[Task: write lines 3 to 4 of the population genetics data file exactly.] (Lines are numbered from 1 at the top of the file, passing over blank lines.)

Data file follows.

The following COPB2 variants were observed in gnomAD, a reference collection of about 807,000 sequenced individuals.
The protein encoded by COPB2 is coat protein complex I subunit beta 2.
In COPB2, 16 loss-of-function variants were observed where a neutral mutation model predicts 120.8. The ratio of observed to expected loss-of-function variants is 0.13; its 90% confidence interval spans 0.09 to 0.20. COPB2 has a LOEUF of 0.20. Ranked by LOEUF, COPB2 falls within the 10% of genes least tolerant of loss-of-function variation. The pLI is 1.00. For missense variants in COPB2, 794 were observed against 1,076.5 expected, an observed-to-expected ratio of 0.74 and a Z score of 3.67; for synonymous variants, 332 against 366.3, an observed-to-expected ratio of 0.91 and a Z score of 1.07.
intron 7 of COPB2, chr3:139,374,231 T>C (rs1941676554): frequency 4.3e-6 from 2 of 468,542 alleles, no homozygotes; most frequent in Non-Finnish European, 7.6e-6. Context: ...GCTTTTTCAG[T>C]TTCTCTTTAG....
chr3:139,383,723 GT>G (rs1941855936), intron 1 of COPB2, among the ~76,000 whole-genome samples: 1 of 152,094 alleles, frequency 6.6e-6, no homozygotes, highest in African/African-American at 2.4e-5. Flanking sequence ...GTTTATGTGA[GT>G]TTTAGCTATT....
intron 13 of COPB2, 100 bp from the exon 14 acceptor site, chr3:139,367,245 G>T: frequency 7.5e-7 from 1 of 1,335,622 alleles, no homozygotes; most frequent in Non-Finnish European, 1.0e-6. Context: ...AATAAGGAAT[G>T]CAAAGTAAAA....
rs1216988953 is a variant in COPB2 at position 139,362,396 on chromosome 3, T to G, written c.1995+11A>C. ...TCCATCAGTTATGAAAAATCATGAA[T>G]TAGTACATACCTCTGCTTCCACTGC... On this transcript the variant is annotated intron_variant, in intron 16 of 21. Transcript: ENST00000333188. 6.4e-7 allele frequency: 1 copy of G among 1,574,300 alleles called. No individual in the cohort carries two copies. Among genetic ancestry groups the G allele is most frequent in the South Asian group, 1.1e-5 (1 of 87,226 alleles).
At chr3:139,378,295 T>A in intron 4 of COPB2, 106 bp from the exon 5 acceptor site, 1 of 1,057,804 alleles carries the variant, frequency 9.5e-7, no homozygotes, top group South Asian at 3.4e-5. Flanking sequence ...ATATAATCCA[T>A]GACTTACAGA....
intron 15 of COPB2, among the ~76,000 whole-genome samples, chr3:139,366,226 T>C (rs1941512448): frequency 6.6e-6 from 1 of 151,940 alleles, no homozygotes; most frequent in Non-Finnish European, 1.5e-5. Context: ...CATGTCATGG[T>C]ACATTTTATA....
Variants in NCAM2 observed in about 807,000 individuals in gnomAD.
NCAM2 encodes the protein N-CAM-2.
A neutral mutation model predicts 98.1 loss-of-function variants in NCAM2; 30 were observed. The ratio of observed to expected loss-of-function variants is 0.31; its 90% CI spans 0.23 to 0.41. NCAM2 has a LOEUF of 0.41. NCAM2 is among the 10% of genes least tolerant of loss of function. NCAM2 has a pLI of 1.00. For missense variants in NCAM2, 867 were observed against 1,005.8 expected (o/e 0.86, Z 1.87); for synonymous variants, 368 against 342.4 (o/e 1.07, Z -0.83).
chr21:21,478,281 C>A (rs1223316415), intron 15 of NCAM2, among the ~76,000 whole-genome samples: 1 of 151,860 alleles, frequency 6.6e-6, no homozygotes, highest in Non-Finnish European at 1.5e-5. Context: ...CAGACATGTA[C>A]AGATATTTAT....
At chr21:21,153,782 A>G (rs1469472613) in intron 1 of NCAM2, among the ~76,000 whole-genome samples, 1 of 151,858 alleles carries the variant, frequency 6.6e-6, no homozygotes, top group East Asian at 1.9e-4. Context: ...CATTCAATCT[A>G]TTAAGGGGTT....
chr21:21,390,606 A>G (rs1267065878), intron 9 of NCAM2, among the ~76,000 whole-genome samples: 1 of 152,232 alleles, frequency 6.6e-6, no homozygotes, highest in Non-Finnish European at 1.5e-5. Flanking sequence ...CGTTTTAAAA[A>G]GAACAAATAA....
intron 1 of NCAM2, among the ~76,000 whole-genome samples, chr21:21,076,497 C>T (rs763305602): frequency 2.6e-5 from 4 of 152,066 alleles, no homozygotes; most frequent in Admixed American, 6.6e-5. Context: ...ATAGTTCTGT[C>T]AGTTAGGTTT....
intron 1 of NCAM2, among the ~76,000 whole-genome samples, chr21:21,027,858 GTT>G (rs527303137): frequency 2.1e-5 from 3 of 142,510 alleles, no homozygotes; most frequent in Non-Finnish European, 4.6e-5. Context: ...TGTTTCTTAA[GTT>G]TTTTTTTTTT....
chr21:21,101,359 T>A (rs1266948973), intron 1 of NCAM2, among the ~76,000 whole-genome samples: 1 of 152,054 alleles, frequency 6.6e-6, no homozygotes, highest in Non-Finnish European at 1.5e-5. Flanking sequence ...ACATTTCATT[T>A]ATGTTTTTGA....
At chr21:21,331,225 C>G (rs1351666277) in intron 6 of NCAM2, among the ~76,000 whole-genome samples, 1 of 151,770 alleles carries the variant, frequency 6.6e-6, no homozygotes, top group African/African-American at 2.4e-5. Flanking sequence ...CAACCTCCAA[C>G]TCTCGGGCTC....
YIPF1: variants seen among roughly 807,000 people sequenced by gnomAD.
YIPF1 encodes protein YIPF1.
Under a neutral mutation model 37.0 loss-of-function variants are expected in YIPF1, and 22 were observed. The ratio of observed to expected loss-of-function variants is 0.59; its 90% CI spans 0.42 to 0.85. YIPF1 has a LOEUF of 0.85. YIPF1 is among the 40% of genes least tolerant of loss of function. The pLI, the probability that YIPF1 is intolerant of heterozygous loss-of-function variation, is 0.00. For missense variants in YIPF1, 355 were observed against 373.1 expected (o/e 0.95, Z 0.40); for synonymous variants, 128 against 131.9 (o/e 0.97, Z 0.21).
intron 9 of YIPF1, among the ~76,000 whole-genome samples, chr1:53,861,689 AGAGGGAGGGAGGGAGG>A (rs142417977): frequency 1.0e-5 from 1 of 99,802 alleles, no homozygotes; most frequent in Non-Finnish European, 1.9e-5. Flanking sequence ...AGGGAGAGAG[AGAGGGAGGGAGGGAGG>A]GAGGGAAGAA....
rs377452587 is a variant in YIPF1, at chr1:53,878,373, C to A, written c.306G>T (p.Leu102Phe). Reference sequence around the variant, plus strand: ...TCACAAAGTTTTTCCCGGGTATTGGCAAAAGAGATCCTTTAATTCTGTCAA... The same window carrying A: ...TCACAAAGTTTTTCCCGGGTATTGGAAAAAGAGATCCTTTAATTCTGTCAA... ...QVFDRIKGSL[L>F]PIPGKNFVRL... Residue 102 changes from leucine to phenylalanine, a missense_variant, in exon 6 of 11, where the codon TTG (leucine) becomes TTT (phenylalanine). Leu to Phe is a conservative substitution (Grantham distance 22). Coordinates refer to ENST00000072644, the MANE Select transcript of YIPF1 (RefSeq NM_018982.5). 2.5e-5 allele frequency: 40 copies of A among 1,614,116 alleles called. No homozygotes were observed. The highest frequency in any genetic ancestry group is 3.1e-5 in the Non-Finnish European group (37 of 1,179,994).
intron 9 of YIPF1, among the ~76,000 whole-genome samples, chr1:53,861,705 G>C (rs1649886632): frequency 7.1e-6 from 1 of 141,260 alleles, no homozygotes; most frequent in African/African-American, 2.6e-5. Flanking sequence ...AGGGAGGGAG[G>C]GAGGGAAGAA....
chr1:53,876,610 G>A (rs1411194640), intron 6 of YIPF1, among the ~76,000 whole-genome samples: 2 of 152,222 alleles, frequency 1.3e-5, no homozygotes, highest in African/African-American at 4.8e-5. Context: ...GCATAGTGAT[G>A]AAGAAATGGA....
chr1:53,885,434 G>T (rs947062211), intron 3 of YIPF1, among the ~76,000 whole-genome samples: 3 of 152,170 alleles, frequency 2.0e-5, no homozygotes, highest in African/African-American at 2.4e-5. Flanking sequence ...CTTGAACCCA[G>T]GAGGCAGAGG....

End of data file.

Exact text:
In COPB2, 16 loss-of-function variants were observed where a neutral mutation model predicts 120.8. The ratio of observed to expected loss-of-function variants is 0.13; its 90% confidence interval spans 0.09 to 0.20. COPB2 has a LOEUF of 0.20. Ranked by LOEUF, COPB2 falls within the 10% of genes least tolerant of loss-of-function variation. The pLI is 1.00. For missense variants in COPB2, 794 were observed against 1,076.5 expected, an observed-to-expected ratio of 0.74 and a Z score of 3.67; for synonymous variants, 332 against 366.3, an observed-to-expected ratio of 0.91 and a Z score of 1.07.
intron 7 of COPB2, chr3:139,374,231 T>C (rs1941676554): frequency 4.3e-6 from 2 of 468,542 alleles, no homozygotes; most frequent in Non-Finnish European, 7.6e-6. Context: ...GCTTTTTCAG[T>C]TTCTCTTTAG....